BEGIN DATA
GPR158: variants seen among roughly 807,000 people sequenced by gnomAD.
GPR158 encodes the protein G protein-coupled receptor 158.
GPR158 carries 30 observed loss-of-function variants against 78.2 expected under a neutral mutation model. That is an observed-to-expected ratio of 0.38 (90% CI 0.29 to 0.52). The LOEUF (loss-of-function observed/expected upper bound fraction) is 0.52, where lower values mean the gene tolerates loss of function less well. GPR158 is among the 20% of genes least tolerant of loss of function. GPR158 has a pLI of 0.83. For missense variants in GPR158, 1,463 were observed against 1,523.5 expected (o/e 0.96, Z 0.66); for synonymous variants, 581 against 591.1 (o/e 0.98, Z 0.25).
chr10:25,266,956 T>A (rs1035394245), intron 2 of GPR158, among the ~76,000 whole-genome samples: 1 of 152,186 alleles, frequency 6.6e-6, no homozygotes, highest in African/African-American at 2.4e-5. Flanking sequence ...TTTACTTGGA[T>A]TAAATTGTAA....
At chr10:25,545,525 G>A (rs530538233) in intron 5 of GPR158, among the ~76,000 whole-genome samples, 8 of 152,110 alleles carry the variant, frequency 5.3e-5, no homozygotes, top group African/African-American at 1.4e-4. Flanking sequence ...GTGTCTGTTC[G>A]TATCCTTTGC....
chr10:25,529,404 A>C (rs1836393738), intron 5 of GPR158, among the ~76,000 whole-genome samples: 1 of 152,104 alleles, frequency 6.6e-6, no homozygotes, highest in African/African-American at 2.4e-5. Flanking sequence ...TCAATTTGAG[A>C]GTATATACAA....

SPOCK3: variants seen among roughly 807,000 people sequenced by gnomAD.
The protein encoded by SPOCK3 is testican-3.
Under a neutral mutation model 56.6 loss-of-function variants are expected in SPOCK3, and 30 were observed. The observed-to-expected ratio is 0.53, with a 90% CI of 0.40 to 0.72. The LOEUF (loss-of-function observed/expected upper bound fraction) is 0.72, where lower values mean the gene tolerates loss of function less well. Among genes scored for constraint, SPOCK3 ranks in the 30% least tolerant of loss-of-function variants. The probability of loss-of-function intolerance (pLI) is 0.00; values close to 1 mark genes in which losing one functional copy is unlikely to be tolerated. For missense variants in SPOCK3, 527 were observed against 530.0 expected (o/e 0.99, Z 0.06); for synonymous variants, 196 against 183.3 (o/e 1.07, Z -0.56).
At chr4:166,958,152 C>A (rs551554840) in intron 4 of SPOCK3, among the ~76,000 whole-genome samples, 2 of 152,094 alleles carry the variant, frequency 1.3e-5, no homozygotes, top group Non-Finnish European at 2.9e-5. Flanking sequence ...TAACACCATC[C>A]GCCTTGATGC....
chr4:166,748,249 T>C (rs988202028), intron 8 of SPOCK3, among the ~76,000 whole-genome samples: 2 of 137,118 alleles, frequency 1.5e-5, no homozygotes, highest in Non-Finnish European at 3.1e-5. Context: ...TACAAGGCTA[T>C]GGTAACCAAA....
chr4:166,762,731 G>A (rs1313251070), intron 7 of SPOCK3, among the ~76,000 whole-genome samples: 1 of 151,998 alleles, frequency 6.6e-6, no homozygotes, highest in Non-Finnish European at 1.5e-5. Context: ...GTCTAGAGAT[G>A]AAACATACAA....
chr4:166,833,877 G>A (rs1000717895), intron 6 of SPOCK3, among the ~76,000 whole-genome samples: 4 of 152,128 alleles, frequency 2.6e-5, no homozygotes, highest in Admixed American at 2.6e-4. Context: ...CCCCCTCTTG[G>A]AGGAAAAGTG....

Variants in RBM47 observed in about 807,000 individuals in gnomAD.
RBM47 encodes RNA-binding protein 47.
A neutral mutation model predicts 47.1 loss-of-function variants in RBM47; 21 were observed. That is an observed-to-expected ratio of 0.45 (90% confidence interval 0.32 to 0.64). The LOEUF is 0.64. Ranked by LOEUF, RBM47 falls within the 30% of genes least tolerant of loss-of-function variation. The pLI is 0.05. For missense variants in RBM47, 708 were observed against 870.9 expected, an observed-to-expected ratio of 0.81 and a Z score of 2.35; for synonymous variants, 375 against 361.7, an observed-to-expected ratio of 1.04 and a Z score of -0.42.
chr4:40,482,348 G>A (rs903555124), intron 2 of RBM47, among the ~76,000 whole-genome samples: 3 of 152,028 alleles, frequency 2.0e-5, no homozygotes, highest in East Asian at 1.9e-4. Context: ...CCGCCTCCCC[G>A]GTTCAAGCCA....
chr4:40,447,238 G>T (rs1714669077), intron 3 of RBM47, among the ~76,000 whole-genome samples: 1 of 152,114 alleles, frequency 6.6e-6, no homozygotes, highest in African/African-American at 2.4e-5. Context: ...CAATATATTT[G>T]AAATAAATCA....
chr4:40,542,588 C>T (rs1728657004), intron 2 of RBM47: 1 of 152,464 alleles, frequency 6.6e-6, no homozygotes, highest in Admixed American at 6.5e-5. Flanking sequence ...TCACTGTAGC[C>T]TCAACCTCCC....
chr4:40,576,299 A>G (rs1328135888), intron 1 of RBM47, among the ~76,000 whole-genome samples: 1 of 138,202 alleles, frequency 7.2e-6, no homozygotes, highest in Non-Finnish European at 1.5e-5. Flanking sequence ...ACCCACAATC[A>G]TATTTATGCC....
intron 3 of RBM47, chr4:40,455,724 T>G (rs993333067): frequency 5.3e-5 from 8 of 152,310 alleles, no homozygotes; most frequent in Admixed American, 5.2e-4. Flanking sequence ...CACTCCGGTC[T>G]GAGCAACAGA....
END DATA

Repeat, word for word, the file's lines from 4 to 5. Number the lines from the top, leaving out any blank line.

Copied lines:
chr10:25,266,956 T>A (rs1035394245), intron 2 of GPR158, among the ~76,000 whole-genome samples: 1 of 152,186 alleles, frequency 6.6e-6, no homozygotes, highest in African/African-American at 2.4e-5. Flanking sequence ...TTTACTTGGA[T>A]TAAATTGTAA....
At chr10:25,545,525 G>A (rs530538233) in intron 5 of GPR158, among the ~76,000 whole-genome samples, 8 of 152,110 alleles carry the variant, frequency 5.3e-5, no homozygotes, top group African/African-American at 1.4e-4. Flanking sequence ...GTGTCTGTTC[G>A]TATCCTTTGC....